Series Review: Godless (2017)

A Netflix western miniseries? Yeah, I didn’t need any convincing to watch this. So here we go.

Ladies and gents… “Godless”.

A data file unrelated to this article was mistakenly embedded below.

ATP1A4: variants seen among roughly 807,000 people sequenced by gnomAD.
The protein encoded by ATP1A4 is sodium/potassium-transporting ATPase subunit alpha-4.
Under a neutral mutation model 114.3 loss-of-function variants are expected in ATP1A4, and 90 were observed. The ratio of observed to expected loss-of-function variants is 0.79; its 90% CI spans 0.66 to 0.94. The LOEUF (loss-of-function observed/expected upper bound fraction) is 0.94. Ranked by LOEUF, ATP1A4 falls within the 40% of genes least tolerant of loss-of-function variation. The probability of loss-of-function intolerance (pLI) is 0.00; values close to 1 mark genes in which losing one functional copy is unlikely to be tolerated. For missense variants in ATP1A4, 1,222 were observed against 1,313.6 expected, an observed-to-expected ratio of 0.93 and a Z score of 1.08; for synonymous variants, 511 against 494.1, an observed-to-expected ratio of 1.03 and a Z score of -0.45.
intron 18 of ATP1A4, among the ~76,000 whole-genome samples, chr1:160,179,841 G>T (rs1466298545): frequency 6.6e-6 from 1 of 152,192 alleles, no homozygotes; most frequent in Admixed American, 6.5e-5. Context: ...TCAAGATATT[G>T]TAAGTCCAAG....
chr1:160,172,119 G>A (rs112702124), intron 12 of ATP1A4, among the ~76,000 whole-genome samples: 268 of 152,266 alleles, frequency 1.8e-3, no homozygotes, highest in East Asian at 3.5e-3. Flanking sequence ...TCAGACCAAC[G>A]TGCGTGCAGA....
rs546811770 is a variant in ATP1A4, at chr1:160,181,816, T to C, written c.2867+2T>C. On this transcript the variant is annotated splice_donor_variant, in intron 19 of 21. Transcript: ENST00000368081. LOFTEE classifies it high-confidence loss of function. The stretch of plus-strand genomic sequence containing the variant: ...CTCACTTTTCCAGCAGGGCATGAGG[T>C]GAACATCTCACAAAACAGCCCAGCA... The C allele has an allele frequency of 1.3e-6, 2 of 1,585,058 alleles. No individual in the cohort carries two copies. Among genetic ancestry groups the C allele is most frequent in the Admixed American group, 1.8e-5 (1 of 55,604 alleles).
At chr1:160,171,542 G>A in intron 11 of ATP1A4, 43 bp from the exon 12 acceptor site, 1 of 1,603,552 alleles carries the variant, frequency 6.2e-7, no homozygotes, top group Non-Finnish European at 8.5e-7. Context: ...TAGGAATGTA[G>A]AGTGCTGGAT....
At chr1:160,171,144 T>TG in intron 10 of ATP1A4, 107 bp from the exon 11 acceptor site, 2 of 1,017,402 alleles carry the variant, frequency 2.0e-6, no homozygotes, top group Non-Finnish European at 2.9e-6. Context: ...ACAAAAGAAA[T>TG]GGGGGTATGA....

Roy Goode (Jack O’Connell) used to be part of an infamous gang up until he betrayed them. And the gang’s leader, Frank (Jeff Daniels), wants Roy dead for that. So now Roy is hiding out in a town called La Belle, a town run entirely by women. So now we have our western plot. And with this plot they embrace pretty much every western cliché known to man… but they also put some interesting new perspectives on them to make them feel a bit more fresh. There’s a lot of good drama here that I found myself quite invested in while they still gave me some of the classic western plot points. If I had to make a comparison in plot style I’d say that this is part “The Beguiled” and part “Red Dead Redemption”. There’s the women-majority cast of the first, and the violent gang betrayal stuff of the latter. And I think it makes for an interesting mix in this show. Hell, I’d say that it’s great.